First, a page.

WASHINGTON (AP) — Federal policing of oil and natural gas drilling on public lands is lax and inconsistent, with only 6 percent of violations resulting in monetary fines over 13 years, House Democrats said in a report Wednesday.
Fines over that time totaled less than $275,000, an amount that the Democratic staff of the House Natural Resources Committee characterized as little more than “pocket change” for oil and gas companies. The report said federal regulators issued no fines in the period studied, February 1998 to February 2011, in eight of the drilling states.
Pain, pressure, fullness, discomfort or squeezing in the center of the chest
Shortness of breath or difficulty breathing
Stabbing chest pain
Radiating pain to shoulder(s), neck, back, arm(s) or jaw
Pounding heartbeats (palpitations) or feeling extra heartbeats
Upper abdominal pain
Nausea, vomiting or severe indigestion
Sweating for no apparent reason
Dizziness with weakness
Sudden extreme fatigue
Panic with feeling of impending doom
ASH FLAT — An inmate on the Sharp County work release program walked away from a work detail at the Cherokee Village Animal Shelter between 2 and 3 p.m. Wednesday and was seen getting into a vehicle driven by his wife, Sheriff Mark Counts said.
The inmate, Adam Leroy Mathis, was working off fines from district court.
Mathis was still at large this morning, Counts said, adding that Mathis had only a few more days to work until his fines would have finished his sentence of community service.
A faulty gas line is blamed for a fire that destroyed a mobile home at 120 Audobon off Highway 167 South.
Southside Fire Chief Jeremy Loggins said James R. Johns was in the process of moving into the trailer Wednesday afternoon and had some of his personal belongings inside when the fire started.
Editor’s note: This is the third in a series of stories about women’s heart health. February is American Heart Month.
Many women will die of a heart attack simply because they don’t seek treatment, according to Jennifer Coleman, cardiac rehab supervisor at White River Medical Center (WRMC).
“Women die because a lot put themselves on the back burner. Women don’t have the classic symptoms like chest pains,” Coleman said.
Toi McMullin, registered nurse at WRMC, said women should watch for shortness of breath and extreme fatigue.
LITTLE ROCK (AP) — Fifteen firefighters who were laid off by the Arkansas Forestry Commission will go back to work this month following a shift in the state budget that will pay for the positions annually, Gov. Mike Beebe announced Wednesday.
Beebe’s office said the governor ordered the Arkansas Agriculture Department to reallocate $550,000 in annual funds from its budget to the Forestry Commission, a move that will allow the firefighting positions to be restored in 11 counties on Feb. 21.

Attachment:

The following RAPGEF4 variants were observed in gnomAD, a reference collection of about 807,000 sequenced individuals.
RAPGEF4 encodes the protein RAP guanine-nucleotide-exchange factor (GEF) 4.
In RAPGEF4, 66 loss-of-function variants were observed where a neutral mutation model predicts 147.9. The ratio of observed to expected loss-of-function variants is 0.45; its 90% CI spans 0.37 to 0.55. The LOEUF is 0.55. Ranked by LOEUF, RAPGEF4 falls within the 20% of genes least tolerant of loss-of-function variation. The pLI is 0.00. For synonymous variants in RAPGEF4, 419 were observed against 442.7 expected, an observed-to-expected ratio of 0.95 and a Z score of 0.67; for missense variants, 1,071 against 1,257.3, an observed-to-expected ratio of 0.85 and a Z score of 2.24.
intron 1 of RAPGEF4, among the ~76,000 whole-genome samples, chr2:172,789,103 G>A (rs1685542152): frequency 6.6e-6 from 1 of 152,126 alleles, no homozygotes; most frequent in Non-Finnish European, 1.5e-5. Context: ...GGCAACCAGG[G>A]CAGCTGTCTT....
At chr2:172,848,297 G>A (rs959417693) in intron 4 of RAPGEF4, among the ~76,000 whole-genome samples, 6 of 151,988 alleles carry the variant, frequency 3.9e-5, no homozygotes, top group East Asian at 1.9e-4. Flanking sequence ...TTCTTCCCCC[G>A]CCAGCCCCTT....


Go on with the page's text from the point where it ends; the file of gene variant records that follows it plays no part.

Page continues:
LITTLE ROCK (AP) — The Arkansas Highway and Transportation Department is studying whether speed limits on some rural highways should be increased above 55 mph.
On Wednesday, the state Highway Commission instructed the department to study the issue. Commission Chairman R. Madison Murphy says it’s time to revisit the issue after an earlier plan to raise the speed limit was scuttled because of high gas prices.
FORT SMITH — A high school cheerleader in Fort Smith is recovering after she was struck by a stray bullet that went through her bedroom window.
Fort Smith police say 17-year-old Ronniesha Forrest heard people arguing outside her window before she was hit by gunfire. Ronniesha’s aunt, Lavonda Thompson, said the bullet struck Ronniesha’s neck. She says the injuries aren’t considered life-threatening.
FAYETTEVILLE — The University of Arkansas at Fayetteville is creating regional groups for parents of students so they can meet other parents and cheer on the Razorbacks.
The school says the first parents’ club will be in the Dallas-Fort Worth area, with plans to open additional groups in northwest Arkansas and Little Rock. The university also hopes to eventually open clubs in Tulsa, Oklahoma City, southwest Arkansas, Kansas City, Mo.; and Memphis.
BLYTHEVILLE — Blytheville police are investigating a suspected homicide after a man was found dead in a puddle of blood.
Matthew Driver, 37, was found dead Tuesday night at a home in Blytheville. Police discovered his body after a 911 call was made reporting a disturbance at the home.
When officers arrived, they saw the front door slightly open and Driver slumped over the arm of the couch. Police say Driver was pronounced dead at the scene. His body will be sent to the state Crime Laboratory for an autopsy.